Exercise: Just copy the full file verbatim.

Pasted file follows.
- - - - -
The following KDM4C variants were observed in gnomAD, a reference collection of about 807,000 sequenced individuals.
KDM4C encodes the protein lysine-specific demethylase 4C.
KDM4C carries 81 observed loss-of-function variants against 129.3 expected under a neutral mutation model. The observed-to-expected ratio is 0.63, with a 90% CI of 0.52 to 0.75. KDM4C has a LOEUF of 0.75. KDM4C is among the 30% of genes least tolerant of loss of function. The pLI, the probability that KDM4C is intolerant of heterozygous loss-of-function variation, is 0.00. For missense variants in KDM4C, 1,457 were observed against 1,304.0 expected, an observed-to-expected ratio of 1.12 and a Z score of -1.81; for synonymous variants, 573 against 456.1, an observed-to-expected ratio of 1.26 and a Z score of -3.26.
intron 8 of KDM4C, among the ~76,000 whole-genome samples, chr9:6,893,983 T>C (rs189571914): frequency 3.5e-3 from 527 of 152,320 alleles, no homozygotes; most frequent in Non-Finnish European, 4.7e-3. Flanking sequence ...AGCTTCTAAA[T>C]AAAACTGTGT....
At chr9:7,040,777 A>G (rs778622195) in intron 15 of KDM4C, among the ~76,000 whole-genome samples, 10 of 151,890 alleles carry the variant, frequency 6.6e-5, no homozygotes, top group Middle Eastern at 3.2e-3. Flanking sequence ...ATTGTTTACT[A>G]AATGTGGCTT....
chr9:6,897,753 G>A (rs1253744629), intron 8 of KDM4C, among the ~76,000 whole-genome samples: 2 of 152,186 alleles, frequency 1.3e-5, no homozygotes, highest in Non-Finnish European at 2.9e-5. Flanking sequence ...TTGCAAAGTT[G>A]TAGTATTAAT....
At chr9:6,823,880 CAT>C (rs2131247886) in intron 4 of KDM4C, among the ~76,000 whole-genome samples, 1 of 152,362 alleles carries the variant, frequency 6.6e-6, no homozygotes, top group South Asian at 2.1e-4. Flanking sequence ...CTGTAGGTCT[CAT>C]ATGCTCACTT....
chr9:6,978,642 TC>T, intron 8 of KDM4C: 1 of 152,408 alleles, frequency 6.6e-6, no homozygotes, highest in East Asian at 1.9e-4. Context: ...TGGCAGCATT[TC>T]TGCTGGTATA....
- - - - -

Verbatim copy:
The following KDM4C variants were observed in gnomAD, a reference collection of about 807,000 sequenced individuals.
KDM4C encodes the protein lysine-specific demethylase 4C.
KDM4C carries 81 observed loss-of-function variants against 129.3 expected under a neutral mutation model. The observed-to-expected ratio is 0.63, with a 90% CI of 0.52 to 0.75. KDM4C has a LOEUF of 0.75. KDM4C is among the 30% of genes least tolerant of loss of function. The pLI, the probability that KDM4C is intolerant of heterozygous loss-of-function variation, is 0.00. For missense variants in KDM4C, 1,457 were observed against 1,304.0 expected, an observed-to-expected ratio of 1.12 and a Z score of -1.81; for synonymous variants, 573 against 456.1, an observed-to-expected ratio of 1.26 and a Z score of -3.26.
intron 8 of KDM4C, among the ~76,000 whole-genome samples, chr9:6,893,983 T>C (rs189571914): frequency 3.5e-3 from 527 of 152,320 alleles, no homozygotes; most frequent in Non-Finnish European, 4.7e-3. Flanking sequence ...AGCTTCTAAA[T>C]AAAACTGTGT....
At chr9:7,040,777 A>G (rs778622195) in intron 15 of KDM4C, among the ~76,000 whole-genome samples, 10 of 151,890 alleles carry the variant, frequency 6.6e-5, no homozygotes, top group Middle Eastern at 3.2e-3. Flanking sequence ...ATTGTTTACT[A>G]AATGTGGCTT....
chr9:6,897,753 G>A (rs1253744629), intron 8 of KDM4C, among the ~76,000 whole-genome samples: 2 of 152,186 alleles, frequency 1.3e-5, no homozygotes, highest in Non-Finnish European at 2.9e-5. Flanking sequence ...TTGCAAAGTT[G>A]TAGTATTAAT....
At chr9:6,823,880 CAT>C (rs2131247886) in intron 4 of KDM4C, among the ~76,000 whole-genome samples, 1 of 152,362 alleles carries the variant, frequency 6.6e-6, no homozygotes, top group South Asian at 2.1e-4. Flanking sequence ...CTGTAGGTCT[CAT>C]ATGCTCACTT....
chr9:6,978,642 TC>T, intron 8 of KDM4C: 1 of 152,408 alleles, frequency 6.6e-6, no homozygotes, highest in East Asian at 1.9e-4. Context: ...TGGCAGCATT[TC>T]TGCTGGTATA....